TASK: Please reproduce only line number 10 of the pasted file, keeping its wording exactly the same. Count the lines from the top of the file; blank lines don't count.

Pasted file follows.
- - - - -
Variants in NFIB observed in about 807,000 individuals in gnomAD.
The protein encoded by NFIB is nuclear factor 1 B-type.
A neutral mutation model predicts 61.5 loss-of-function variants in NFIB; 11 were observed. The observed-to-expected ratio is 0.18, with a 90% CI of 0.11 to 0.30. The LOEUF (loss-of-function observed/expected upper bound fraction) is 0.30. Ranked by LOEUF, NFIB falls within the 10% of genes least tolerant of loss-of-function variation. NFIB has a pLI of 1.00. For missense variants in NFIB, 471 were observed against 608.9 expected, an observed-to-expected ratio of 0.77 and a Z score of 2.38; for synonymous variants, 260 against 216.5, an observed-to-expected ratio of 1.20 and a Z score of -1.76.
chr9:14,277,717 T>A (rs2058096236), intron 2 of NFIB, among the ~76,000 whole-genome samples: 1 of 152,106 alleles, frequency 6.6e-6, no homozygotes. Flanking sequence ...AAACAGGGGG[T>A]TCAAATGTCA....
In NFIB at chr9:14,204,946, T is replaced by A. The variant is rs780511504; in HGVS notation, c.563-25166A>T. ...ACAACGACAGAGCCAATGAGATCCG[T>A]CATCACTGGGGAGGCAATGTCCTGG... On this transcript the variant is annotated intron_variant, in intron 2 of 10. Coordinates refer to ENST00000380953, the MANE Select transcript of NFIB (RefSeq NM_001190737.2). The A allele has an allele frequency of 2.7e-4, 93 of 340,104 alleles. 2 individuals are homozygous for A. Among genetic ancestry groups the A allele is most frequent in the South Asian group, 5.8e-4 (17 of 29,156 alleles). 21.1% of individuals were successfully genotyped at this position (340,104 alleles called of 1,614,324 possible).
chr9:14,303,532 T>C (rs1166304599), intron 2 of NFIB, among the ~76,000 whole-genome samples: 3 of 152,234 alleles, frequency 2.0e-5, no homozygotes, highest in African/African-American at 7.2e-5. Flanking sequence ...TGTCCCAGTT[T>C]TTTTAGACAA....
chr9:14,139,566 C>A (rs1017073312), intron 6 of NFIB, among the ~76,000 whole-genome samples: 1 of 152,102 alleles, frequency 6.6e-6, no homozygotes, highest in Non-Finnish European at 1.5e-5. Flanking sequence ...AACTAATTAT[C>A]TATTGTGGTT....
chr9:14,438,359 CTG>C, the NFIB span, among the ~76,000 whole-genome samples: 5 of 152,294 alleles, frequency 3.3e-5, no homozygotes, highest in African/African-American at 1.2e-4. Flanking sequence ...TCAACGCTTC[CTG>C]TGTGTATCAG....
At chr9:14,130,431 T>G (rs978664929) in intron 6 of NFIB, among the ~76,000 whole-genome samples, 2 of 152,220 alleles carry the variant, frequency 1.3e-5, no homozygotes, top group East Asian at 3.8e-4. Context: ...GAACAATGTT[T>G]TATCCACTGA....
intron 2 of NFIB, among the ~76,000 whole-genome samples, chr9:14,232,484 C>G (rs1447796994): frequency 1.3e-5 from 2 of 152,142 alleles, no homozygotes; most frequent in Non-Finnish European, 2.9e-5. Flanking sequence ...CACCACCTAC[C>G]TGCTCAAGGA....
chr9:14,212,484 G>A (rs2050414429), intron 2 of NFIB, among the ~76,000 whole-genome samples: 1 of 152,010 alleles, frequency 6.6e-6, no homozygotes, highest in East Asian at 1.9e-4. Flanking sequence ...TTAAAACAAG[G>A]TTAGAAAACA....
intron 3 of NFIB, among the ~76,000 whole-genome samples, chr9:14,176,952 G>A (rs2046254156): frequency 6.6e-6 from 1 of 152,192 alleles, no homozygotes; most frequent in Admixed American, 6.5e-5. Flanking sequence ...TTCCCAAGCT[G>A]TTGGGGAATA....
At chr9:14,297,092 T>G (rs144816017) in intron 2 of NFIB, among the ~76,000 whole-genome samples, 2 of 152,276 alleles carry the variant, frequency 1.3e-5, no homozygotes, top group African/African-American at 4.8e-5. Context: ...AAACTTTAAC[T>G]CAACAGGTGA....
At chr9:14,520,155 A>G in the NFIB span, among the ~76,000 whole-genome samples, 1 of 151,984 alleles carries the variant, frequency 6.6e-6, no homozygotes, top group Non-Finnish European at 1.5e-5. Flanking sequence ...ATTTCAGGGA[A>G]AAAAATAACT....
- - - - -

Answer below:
intron 2 of NFIB, among the ~76,000 whole-genome samples, chr9:14,232,484 C>G (rs1447796994): frequency 1.3e-5 from 2 of 152,142 alleles, no homozygotes; most frequent in Non-Finnish European, 2.9e-5. Flanking sequence ...CACCACCTAC[C>G]TGCTCAAGGA....